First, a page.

Suitably swept along by the Nation’s sudden love for cycling I too decide that cycling is for me. It is a decision that will come back to haunt me. There is however, one problem. Technically speaking, there are several but there is one that easily matches the physical prominence of my waistline in its importance. I haven’t cycled for years. The act of sitting on a bike and doing the actual pedalling and steering bit isn’t the problem – I learned to do that as a child, and in appropriate application of the simile, it is like riding a bike. However, I do not have the first clue about the ‘kit’, the only thing I do know and am utterly certain of, is that I need lots of it. A Grifter with a pack of playing cards stuck in the spokes will not cut the mustard. Nor will cyclng with my anorak flapping cape-like behind me. Having avidly watched the Tour I can say, hand on heart that there was a complete abscence of these, something which I must admit I found hard to deal with. After all, can you imagine the noise those cards would make as you descended some near-vertical road in the Pyrenees? Opportunity missed, lads. I call upon the expert knowledge of a chum, Andy, who, if the rumours are true, was actually born in the saddle while his mother competed in, and won, a time trial. Not a bad pedigree. We arrange to meet in the local pub for a chat. I tell him of my intentions.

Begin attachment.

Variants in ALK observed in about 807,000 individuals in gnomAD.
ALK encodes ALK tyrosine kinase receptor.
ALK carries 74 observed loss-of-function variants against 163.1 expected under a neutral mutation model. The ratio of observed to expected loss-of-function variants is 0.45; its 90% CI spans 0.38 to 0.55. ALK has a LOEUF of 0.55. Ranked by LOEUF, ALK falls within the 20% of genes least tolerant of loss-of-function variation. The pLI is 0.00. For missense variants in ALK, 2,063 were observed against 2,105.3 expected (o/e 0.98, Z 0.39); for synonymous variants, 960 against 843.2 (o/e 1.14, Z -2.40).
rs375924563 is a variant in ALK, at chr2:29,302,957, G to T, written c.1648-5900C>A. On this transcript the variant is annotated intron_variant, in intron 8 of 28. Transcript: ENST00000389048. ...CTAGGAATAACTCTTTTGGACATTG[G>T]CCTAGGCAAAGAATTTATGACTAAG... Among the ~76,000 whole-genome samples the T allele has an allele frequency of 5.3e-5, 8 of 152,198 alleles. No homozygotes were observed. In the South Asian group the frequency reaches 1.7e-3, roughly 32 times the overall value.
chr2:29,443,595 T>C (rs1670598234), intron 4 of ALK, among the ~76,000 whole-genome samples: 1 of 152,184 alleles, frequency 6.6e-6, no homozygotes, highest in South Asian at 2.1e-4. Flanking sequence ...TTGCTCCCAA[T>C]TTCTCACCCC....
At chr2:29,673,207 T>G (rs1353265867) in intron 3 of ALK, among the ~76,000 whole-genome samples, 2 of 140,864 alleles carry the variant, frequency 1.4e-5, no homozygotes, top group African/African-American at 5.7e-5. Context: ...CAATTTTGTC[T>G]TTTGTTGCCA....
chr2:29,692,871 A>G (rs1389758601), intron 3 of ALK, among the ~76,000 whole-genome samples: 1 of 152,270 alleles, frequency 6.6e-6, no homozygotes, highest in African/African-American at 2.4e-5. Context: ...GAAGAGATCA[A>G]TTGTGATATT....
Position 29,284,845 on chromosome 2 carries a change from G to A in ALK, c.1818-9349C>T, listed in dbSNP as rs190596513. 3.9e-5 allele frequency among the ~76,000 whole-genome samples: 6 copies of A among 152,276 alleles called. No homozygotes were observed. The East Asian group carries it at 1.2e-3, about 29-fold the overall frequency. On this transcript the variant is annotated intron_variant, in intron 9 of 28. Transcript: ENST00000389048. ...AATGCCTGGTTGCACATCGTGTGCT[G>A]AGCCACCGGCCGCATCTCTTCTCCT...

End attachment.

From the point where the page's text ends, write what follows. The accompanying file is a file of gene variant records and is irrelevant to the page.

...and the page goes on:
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Why am I doing this? Because I’m jolly nice that’s why.

 

Angus Rose author of The Magpie’s Ring

 

 

I Can Tell Them Why

I can tell them why. I can tell them why senior ward nurse, Julia Sutton, aged sixty-three, exploded, blew up, detonated, erupted (all words used by those who had witnessed the event). I could tell them that they’ll remain baffled, too, because, to be honest, it is pretty baffling. If someone walked up to me and presented me with the facts that lead to Nurse Sutton’s untimely, and yes, bizarre demise, I, too, would be baffled. Even with the full facts, and to be honest, I don’t think I have them, it is baffling. I could tell them that there’s no point having the bomb-disposal team examine her car. There’s nothing to find there. Equally, forensics won’t turn anything up. No detonator, no wires, no traces of explosives. Because there aren’t any. Yes, I could tell them why, but I couldn’t tell them how, because I have no idea about how it works.